road biking

Beartooth Pass

DSCN2188I'm as guilty as anyone when it comes to buying into the consumptive, materialistic lifestyle we Americans lead. As a bike mechanic and salesperson, its kind of my job to know the latest and greatest gadget, and sell it to you. I'm sure I'm not the only one out there jonesing pretty hard for the new Shimano XT 11 speed drive-train. But there is something I admire more than showing off that shiny new whatever. And that is making do with what you have. Anyone who has visited northwest Wyoming, knows we have some seriously beautiful country. Most folks experience it through the windshield while driving one of our mountain passes. Many of these roads are closed in the winter, plowed in April/May, and open to traffic soon after. There is a magical time between the grinding of the snowplows and the opening of the gates when the roads are only open to human powered travel. This is the time to see them by bike!

The Beartooth Highway leaves Red Lodge, MT following Rock Creek, a tumultuous mountain stream strewn with rounded boulders, a result of eons of erosion. Twelve miles out of town, a gate blocks spring traffic and the climb commences. It's another 11 miles to reach the Beartooth Plateau, and the first slackening of grade. Although daunting by looks, the road is a pleasant climb, never reaching a critically steep pitch. The length of the ride is determined upon how far MTD has plowed the road. This weekend, we made it 10 miles past the first gate. Rock slides, snow, and gravel are strewn along the entire road, requiring vigilance on the cruise back down.

Working in bike shops for the past 15 years, I've always been concerned with the latest and greatest in the bike world. When I first got into the sport, I often judged a rider's skills by what components he had on his bike. Sometimes I would laugh and point at someone riding a dated bike on the trail. "Dude, get with the times!" What impressed me was seeing the latest XTR component on a clean, new frame. While I still geek out over the new shiny things, I've had a bit of a change in heart. No longer do I laugh and point. Now, admiration abounds for those riding a ridged 90's something cantilever wreck on the Boise foothills trails rather than the kit-clad cash droppers to often grouping up on trail rides after work. And while I seriously worry about the safety of a Wall-Mart Next pedaling youth, I smile, and realize they are riding a bike, and what can get better than that.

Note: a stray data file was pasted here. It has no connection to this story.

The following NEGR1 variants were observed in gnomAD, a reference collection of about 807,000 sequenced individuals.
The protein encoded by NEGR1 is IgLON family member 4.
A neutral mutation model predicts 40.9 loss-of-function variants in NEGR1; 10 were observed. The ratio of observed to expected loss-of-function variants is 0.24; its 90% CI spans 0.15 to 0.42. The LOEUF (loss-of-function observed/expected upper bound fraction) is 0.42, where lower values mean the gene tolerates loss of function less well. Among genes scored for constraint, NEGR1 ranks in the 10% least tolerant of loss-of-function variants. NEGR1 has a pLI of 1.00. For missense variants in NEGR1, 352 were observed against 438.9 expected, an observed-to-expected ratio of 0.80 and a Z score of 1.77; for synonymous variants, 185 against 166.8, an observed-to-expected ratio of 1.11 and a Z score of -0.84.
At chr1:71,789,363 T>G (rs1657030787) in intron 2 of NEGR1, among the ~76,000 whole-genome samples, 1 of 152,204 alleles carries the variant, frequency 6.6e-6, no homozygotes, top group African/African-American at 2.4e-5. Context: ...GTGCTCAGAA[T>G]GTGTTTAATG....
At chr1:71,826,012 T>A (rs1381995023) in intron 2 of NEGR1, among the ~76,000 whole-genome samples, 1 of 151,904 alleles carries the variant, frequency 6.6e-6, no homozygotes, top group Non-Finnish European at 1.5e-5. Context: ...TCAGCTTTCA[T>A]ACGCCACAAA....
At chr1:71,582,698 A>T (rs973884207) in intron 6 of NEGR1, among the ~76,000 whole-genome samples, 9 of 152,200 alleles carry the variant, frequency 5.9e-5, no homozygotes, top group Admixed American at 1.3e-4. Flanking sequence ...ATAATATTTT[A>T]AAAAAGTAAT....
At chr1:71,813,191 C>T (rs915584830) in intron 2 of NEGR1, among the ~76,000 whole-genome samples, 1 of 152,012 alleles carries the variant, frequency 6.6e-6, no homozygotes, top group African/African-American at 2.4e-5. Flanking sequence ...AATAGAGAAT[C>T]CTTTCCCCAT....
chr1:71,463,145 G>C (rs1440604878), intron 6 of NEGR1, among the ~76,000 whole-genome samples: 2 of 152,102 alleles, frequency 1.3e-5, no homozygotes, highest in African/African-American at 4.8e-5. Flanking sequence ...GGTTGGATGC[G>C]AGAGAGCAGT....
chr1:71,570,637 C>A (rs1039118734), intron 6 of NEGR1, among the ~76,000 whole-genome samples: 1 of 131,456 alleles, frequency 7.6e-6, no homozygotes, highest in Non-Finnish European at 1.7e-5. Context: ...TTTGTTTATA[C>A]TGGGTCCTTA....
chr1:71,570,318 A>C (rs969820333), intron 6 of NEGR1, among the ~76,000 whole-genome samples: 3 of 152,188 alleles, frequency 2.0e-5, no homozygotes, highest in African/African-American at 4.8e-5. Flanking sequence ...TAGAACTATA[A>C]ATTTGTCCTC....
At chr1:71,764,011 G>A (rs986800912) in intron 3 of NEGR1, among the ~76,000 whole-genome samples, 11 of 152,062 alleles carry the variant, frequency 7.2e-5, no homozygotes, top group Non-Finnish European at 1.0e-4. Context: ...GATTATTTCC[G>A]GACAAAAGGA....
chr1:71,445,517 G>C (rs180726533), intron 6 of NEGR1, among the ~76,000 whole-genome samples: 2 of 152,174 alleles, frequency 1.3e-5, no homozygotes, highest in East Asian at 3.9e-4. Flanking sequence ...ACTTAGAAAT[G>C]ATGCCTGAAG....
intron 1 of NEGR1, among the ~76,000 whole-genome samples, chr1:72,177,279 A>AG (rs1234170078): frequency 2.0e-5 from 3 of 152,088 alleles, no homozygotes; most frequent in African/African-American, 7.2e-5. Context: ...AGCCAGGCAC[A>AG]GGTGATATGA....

With these sentiments in mind, let me introduce you to the 1989 (Gary) Fisher Celerity. I picked up this rosy gem in Moscow, ID while attending the University of Idaho, and wrenching at Paradise Creek Bicycles. Since then, it has served as my daily commuter, errand runner, make-due-road bike, and has never let me down. Something that has always drawn me to bicycles, if not the ONE thing, is how efficient, effective, and perfect they can perform when well cared for. I get more satisfaction from resurrecting a two wheeled relic then assembling the latest Di2 electronic shifting road bike. Such is the case with this bike. Made up of a conglomeration of dated components, this bike works flawlessly.

Reaching for the Celerity was a no brainer when heading out for the Beartooth ride. The simplicity of throwing a leg over a bike and pedaling.  No fancy lycra, color matched riding kits, or power meter cranks. Don't let consumerism make you believe these things are necessary to enjoy cycling. Dust off that old bike, bring it to your local bike shop for a tune up, and get on your bike and ride!

The Celerity in its natural habitat.

Threading the thaw